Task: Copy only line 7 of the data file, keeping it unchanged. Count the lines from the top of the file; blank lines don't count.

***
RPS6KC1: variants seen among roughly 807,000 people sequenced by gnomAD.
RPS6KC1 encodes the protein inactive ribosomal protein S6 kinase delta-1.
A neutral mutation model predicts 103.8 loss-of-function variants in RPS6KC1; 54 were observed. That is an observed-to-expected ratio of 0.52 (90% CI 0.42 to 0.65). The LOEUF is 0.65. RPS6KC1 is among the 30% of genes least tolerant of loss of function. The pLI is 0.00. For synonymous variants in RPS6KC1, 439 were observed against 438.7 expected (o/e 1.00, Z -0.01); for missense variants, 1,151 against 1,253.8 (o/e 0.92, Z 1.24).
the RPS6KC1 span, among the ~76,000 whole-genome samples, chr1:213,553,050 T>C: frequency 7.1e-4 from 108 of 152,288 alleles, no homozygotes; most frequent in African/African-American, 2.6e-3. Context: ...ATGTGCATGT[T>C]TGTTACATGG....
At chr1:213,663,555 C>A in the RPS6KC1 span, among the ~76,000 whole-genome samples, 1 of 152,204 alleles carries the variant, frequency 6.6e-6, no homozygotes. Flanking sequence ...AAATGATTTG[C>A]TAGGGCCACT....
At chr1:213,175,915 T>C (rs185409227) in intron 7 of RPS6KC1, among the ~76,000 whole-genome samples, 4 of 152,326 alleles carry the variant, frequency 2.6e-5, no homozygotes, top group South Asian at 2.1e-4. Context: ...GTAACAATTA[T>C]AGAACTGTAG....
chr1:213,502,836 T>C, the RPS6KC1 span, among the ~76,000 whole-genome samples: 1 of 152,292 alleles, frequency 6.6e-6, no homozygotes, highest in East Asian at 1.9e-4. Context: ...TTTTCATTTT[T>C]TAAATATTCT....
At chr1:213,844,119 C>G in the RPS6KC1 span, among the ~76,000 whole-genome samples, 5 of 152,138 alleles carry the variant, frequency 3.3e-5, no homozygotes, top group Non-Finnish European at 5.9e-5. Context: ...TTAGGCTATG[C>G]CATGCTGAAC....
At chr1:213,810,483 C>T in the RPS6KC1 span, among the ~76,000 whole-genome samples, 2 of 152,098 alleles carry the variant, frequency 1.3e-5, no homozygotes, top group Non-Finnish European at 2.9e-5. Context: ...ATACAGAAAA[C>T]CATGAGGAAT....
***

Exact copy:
chr1:213,502,836 T>C, the RPS6KC1 span, among the ~76,000 whole-genome samples: 1 of 152,292 alleles, frequency 6.6e-6, no homozygotes, highest in East Asian at 1.9e-4. Context: ...TTTTCATTTT[T>C]TAAATATTCT....